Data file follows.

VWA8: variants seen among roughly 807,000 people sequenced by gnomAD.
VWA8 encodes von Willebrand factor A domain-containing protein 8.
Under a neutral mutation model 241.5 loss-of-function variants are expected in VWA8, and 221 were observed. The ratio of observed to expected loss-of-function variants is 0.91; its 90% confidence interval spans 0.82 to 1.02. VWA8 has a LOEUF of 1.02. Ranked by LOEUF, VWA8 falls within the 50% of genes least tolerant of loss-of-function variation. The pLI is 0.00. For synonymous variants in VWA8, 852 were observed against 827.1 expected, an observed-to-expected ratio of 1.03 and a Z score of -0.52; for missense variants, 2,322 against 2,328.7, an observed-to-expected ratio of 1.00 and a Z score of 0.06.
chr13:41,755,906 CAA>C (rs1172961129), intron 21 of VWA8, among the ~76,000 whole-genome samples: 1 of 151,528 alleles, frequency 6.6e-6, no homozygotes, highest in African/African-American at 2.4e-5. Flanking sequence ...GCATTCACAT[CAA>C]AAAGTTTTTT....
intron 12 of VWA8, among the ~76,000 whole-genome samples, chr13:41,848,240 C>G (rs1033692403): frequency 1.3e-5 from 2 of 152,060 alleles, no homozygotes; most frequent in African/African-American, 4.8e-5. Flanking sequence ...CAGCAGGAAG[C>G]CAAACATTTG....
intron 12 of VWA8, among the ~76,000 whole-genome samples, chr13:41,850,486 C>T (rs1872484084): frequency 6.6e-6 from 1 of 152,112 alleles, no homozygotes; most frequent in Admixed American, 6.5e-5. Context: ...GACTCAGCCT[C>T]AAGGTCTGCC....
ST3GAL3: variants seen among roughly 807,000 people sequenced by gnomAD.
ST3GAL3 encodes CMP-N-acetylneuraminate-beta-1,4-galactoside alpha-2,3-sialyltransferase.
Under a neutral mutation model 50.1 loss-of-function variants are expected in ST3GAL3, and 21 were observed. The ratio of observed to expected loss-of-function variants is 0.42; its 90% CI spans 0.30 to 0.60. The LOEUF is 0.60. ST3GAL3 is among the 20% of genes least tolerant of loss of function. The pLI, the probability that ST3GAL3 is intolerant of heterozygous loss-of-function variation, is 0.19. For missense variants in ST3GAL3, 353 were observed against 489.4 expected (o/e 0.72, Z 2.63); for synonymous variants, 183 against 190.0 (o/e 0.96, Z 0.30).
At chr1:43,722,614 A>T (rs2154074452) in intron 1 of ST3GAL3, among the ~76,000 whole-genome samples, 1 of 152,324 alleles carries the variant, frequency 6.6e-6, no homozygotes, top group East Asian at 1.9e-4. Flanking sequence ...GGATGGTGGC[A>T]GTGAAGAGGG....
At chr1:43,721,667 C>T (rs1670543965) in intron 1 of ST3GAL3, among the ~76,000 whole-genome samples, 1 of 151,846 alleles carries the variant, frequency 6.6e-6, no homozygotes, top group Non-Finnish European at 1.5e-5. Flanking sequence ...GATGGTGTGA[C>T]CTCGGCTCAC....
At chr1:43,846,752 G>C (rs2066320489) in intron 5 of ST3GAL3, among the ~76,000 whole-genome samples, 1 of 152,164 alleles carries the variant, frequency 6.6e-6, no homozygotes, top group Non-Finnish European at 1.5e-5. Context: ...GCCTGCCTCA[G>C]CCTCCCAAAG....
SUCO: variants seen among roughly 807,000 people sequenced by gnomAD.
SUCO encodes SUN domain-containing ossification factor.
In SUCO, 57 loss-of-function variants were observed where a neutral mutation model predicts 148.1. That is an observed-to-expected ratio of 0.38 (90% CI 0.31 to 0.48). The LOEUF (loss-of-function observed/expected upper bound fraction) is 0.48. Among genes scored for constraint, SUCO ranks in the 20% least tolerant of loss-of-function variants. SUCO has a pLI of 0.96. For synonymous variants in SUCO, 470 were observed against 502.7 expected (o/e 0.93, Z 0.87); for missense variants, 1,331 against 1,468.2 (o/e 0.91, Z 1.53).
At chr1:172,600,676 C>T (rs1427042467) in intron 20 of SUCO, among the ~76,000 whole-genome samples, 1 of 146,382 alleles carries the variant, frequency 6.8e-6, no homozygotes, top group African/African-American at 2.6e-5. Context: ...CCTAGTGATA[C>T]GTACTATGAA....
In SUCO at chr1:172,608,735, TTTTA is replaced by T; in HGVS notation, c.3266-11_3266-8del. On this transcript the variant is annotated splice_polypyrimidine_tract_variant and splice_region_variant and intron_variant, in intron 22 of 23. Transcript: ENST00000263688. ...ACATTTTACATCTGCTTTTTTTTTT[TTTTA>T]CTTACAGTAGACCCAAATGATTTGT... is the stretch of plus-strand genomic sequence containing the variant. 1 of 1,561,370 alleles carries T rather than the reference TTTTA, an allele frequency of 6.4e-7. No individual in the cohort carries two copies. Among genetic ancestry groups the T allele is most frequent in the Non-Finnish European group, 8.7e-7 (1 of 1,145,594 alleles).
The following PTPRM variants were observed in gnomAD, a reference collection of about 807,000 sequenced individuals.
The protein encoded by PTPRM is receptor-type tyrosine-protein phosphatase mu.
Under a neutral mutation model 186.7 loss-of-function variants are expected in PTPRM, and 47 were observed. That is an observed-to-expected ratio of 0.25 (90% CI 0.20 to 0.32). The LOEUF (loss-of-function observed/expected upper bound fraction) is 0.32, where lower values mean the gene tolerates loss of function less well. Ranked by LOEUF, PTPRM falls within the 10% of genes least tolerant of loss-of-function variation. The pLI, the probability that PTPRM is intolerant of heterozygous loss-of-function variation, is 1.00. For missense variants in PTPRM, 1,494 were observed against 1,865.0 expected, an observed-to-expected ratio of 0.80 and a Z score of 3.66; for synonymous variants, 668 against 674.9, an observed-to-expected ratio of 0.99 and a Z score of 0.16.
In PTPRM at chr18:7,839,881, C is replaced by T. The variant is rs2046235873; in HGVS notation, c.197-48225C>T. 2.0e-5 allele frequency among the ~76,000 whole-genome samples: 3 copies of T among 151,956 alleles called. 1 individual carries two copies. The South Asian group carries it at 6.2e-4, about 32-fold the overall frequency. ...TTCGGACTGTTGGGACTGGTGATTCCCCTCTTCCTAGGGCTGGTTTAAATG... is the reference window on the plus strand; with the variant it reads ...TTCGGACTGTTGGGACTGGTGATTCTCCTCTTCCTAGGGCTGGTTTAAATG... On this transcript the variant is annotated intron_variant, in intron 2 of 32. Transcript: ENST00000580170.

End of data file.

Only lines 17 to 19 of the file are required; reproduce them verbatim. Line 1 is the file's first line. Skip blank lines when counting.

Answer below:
In SUCO at chr1:172,608,735, TTTTA is replaced by T; in HGVS notation, c.3266-11_3266-8del. On this transcript the variant is annotated splice_polypyrimidine_tract_variant and splice_region_variant and intron_variant, in intron 22 of 23. Transcript: ENST00000263688. ...ACATTTTACATCTGCTTTTTTTTTT[TTTTA>T]CTTACAGTAGACCCAAATGATTTGT... is the stretch of plus-strand genomic sequence containing the variant. 1 of 1,561,370 alleles carries T rather than the reference TTTTA, an allele frequency of 6.4e-7. No individual in the cohort carries two copies. Among genetic ancestry groups the T allele is most frequent in the Non-Finnish European group, 8.7e-7 (1 of 1,145,594 alleles).
The following PTPRM variants were observed in gnomAD, a reference collection of about 807,000 sequenced individuals.
The protein encoded by PTPRM is receptor-type tyrosine-protein phosphatase mu.